The ranger spat out words. Cuchullainn didn’t know the language, though he understood perfectly. Which one of you dogs is going to be the first to die? Her teeth were showing between full dark lips. The Worgen slowly advanced. She retreated, unable to turn and run, realising she could not outrun these creatures. Cuchullainn looked at his comrades, smelt their sweat, their blood-lust. They were going to make this woman suffer. Their orders were to kill her, and they would. Inch by screaming inch.

Cuchullainn closed his eyes, and took a step back. Once more, he hid himself in the shadows and stalked off to one side, circling round. He knew what he had to do, though every shred of his soul was shouting at him not to. Unseen, unheard, he approached the ranger from behind. He briefly bowed his head, then leapt forward. He clapped one hand over her eyes, and kicked her in the back of the knees, dropping her. His other hand was on her chin as she took a quick, startled breath. She didn’t even cry out, didn’t even try to stab Cuchullainn as his muscles tensed, pulling her head backward and twisting. He felt the crack of her neck breaking in his fingers, heard a last laboured sigh, heard her heartbeat slow down, stop. Her muscles, stiff from her surprised reflex, relaxed, and she went limp as a rag doll in his arms. Just to be sure, Cuchullainn gave her neck an extra twist, then gently laid her down on the ground.

“Forgive me,” he whispered.

“You bastard!” The warrior growled at him. “What do you think you’re doing? Wanted her to yourself did you?” He stepped forward, and kicked the lifeless form of the dark Elf.

Cuchullainn bared his fangs. “You mongrels. Do you think we have the time? Do you think this is the only group of spies? We’re not on a fun trip, we’re protecting Gilneas from the walking corpses.”

The warrior opened his mouth to say something, but the Human stepped forward.

“He’s right. Plenty more toys where she came from, and no time to play with them. Get a move on.”

The warrior looked sideways at the Human, then back at Cuchullainn.

“Watch your back,” he said. “It’s dangerous out here.”


Selena set her teeth. A few hundred yards in the distance, she could see sentries walking on the mountain ridges. She wanted to turn back, back into the nice, safe, hidden tunnel. They looked big. Green-skinned, tusked warriors. Massive arms, bigger even than her brothers’. They were carrying swords and clubs. She had a staff. Ridiculously small.

“Right,” said Berrin. His gun was on his back, ready to use at a moment’s notice. An axe was in his fists. “Time to roll. Don’t you worry, young Selena. You’re stronger than they are, though ye may not look it. Hugin can tear them to shreds.”

Thorfin Stoneshield hadn’t even drawn a weapon, and simply stood there, rolling his shoulders.

“Only she won’t,” he said. “All pets on passive?”

“Aye,” said Hieronimo. She was looking forward with a worried, but determined look on her face. Her gun was in her hands. She turned to her bear.

“Bjorn my lad, this is not the time for sulking. Look scary.”

“Go,” shouted Thorfin. Something in his bearing made them want to move, put wings on their feet, and they ran like a pack of wolves. Their pets ran and flew by their sides. Their eyes were firmly on the entrance to the other tunnel, a few hundred yards away.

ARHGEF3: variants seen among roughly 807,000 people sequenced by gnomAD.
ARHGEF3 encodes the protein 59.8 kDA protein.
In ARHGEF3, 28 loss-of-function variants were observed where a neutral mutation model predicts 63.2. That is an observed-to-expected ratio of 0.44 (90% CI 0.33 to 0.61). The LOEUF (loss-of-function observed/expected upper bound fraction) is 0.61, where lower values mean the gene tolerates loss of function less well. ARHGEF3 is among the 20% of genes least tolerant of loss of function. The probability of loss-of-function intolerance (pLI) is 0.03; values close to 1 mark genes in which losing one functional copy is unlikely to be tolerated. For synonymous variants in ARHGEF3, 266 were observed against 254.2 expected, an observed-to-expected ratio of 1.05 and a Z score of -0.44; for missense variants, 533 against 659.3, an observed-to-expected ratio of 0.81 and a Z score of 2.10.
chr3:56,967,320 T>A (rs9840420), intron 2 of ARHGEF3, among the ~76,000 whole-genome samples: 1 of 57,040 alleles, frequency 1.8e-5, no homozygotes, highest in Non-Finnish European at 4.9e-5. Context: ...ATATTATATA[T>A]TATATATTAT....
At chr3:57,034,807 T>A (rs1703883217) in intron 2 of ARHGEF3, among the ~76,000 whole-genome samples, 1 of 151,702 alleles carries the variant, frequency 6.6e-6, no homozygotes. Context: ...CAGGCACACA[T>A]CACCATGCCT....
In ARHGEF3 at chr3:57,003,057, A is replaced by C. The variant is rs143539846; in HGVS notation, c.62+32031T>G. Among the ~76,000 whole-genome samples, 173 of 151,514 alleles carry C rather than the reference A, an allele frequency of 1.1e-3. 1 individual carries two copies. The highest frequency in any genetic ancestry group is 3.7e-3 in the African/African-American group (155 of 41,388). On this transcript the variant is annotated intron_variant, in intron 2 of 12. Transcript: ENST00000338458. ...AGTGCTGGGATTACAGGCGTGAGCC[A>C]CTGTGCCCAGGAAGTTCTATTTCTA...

They were spotted about half-way to the other end. Harsh voices sounded. The sound of booted feet running was in their ears. Selena narrowed her eyes, making herself breathe regularly. Run. Run!

“Don’t let yer pets attack them,” shouted Thorfin. “Passive, remember?”

Selena said nothing, and tried to squeeze a bit more speed out of her legs. Next to her, Hieronimo ran, gun in hand, looking left and right over her shoulder.

A large shape appeared next to Selena, and knocked into her. She rolled over once, staff in hand, and was on her feet again. She faced the Orc, too concentrated to feel fear. The Orc slashed at her with a scimitar, trying to cut her in half at the waist. Selena’s experience from her sparring matches took over, and she pushed the blade up with the iron shodding on her staff, over her head. Quartermaster’s voice rang in her head. Don’t oppose. Deflect. Evade. Counter! The Orc whirled round, raised his scimitar and slashed down on Selena. She leaped to the side, dodging the attack and counter-thrusted, scoring a hit on the Orc’s face. The Orc reeled back for a heartbeat, then advanced again. Before Selena could cry out to Hugin, or call for help, Berrin appeared next to the Orc, put his shotgun to the Orc’s temple and pulled the trigger. The contents of the Orc’s skull blew out, mercifully not onto Selena. The body fell to the ground.

“Well done, lass. Now keep running!”

Selena didn’t need to be told. Staff in hand, she sprinted to the welcoming mouth of the tunnel where Hieronimo had already arrived, with Thorfin. She was on one knee, gun out, looking for any followers.

“Don’t dawdle,” said Thorfin. “Keep going.”

Selena scowled. “Thanks for the advice.”

“Shut up and run!”

X

Selena’s breath and heartbeat had almost returned to normal when they emerged from the tunnel and Dun Algaz lay before them. Thorfin Stoneshield made for the door and walked through without even breaking step. The rest followed him. All round them, iron-clad Dwarves walked about, speaking in Dwarvish. As they watched, a company gathered, and moved out.

“Busy lot,” said Berrin. “Something afoot?”

“Usually is,” said Thorfin. “Well, quick break here to drop the meat on the vendors and have a bite to eat, and then it’s off into the Wetlands, Light be praised. Can’t wait for a bit of peace and quiet.”

“No enemies,” said Selena. She was still badly shaken from her fight, and was only slowly realising that she’d fought an Orc and lived. How long she would have lived without Berrin’s help was not something she wanted to think about.

“Well, no Hordies. At least, not in the places where I mean to go. Plenty of biting wildlife, though. Don’t get too comfortable.”

X

They left the road almost as soon as they entered the wetlands. No slacking, as Thorfin said. He was grumbling. He’d expected to find crocolisks here, and there weren’t any. Possibly, another hunting party had been through already and the beasts had turned shy.

“Bloody unfair,” said Hieronimo. “They should leave some for educational purposes. How are we supposed to learn to hunt if there’s no bitey things?”

“Ye look harder,” said Thorfin. He struck a path to the North, though ‘path’ was possibly not the right word for it. It was difficult to tell paths from streams. Thorfin seemed to know where he was going, though, and they trudged on.